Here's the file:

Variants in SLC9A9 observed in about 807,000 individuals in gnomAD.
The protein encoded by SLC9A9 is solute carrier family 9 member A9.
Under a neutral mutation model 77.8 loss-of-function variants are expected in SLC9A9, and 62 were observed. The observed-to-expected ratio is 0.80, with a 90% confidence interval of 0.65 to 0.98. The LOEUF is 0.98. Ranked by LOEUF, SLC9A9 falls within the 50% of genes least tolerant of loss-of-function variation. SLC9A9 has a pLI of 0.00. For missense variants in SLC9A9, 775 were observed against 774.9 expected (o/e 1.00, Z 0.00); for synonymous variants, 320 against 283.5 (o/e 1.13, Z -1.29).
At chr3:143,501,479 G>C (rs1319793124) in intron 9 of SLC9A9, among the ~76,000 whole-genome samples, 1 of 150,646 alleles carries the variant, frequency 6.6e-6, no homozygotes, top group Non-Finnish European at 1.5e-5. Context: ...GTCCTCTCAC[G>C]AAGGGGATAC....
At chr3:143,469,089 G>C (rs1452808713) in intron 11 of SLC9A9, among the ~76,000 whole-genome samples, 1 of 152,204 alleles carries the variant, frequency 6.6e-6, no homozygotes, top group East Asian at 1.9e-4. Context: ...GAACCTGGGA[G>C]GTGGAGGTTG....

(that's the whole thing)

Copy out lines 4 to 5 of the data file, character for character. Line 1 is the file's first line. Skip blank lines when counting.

At chr3:143,501,479 G>C (rs1319793124) in intron 9 of SLC9A9, among the ~76,000 whole-genome samples, 1 of 150,646 alleles carries the variant, frequency 6.6e-6, no homozygotes, top group Non-Finnish European at 1.5e-5. Context: ...GTCCTCTCAC[G>C]AAGGGGATAC....
At chr3:143,469,089 G>C (rs1452808713) in intron 11 of SLC9A9, among the ~76,000 whole-genome samples, 1 of 152,204 alleles carries the variant, frequency 6.6e-6, no homozygotes, top group East Asian at 1.9e-4. Context: ...GAACCTGGGA[G>C]GTGGAGGTTG....